DC Mayor Muriel Bowser has a plan to close DC General and put smaller homeless shelters in all eight wards of the city. There’s a lot of opposition, ranging from concerns about shelters going up in dangerous places to positions that seem more about keeping poor minorities out of certain parts of the city.

Photo by Kai Hendry on Flickr.

Everyone agrees that the decrepit DC General Family Shelter needs to go; it’s notorious for being a place where families and children share space with mold, mice, raccoons, and bats, along with geysering water mains and collapsing, leaky ceilings.

Bowser’s plan is to distribute the 250 beds at DC General across sites across the city, each holding a maximum of 50 people. Over 150 citizens, non-profit leaders, and activists packed the Wilson Building for the DC Council’s Thursday, March 17th hearing on the shelter plan. There were over 90 public testimonies over 13 hours, a level of engagement that underscores how much emotion and outrage there is on the matter.

At this point, there are two clear camps: Those who have enough concerns about Bowser’s plan that they don’t think it should move forward, and those who acknowledge it to be imperfect but who think it should.

The plan doesn’t have to be perfect, say supporters

Among the supporters was a group organized by the Washington Interfaith Network, including pastors, citizens from across many wards, and former residents of DC General themselves. 

"If everyone nitpicks this proposal,” said a former DC General resident, “I am concerned that this plan will fall apart, and DC General Family Shelter will still be standing with families living in horrible conditions.”

Councilmember Jack Evans shared the same sentiment in his opening remarks, saying “What I don’t want to leave here with, what I don’t want to happen today, is that we end up doing nothing. And that is a real possibility.”

Opponents present factual and “veiled” arguments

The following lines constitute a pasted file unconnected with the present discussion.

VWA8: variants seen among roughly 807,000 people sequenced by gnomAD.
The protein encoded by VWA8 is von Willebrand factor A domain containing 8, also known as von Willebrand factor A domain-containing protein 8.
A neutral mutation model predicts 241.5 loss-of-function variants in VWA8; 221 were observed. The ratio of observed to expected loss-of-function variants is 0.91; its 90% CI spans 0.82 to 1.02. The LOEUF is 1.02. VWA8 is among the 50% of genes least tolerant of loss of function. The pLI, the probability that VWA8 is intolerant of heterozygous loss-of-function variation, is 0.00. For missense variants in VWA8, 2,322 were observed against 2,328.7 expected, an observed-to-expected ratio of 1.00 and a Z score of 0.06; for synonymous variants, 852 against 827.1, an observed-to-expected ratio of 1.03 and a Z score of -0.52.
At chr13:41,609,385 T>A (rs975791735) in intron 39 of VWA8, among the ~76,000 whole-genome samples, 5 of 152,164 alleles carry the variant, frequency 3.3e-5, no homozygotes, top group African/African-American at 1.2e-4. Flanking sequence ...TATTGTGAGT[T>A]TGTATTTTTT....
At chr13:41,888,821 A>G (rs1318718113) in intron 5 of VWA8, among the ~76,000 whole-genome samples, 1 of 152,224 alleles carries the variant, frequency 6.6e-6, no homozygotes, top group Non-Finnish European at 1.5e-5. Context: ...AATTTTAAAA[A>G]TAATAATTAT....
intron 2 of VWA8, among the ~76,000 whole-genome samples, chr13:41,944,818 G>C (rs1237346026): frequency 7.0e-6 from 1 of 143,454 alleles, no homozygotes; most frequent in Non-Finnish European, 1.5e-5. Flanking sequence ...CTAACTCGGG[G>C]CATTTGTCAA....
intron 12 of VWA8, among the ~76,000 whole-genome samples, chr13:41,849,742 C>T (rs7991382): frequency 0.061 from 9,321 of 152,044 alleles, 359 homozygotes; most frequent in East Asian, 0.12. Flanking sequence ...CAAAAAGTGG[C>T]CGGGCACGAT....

Some people, however, aren’t sold on the plan. A number of attendees followed a formula that’s familiar for development projects of all kinds, raising concerns about mismanaged taxpayer money, a lack of transparency in the process, and worries about the buildings’ designs.

One key argument against it comes from Ward 5, where the current proposal location is in an industrial area, surrounded by a bus depot, strip clubs, and no easy-to-access public transit.  Residents, advocacy groups, and Councilmember Kenyan McDuffie all seriously questioned placing 50 some families in such a place.

Other arguments also have some legitimacy. Some of the units are surprisingly expensive, and many of the developers getting contracts are largely known Bowser backers.

But at the hearing, some of these concerns seemed closer to having roots in excluding “other” people from living in certain neighborhoods. Many people started statements with something like, “I am not against homeless people moving into my neighborhood, but…,” which Councilmember Elissa Silverman referred to as “veiled challenges.”

Other opponents left less up for interpretation: “The same problems that are at DC General are going to be moved across the street [from us],” said one witness.

Inside DC General. Photo from Homeless Children’s Playtime Project.

In April, the DC Council will vote on how to move forward.

The issue of how to replace DC General has brought about themes and arguments that commonly surface any time a new development with new housing becomes a possibility for a DC neighborhood. Sifting through moral cover and deflections, as well as veiled attempts to keep “those” people out, is all too familiar territory. Those of us working to reshape a city that historically has warehoused people in overcrowded shelters and on blighted, ignored blocks should take note, and prepare for future hearings.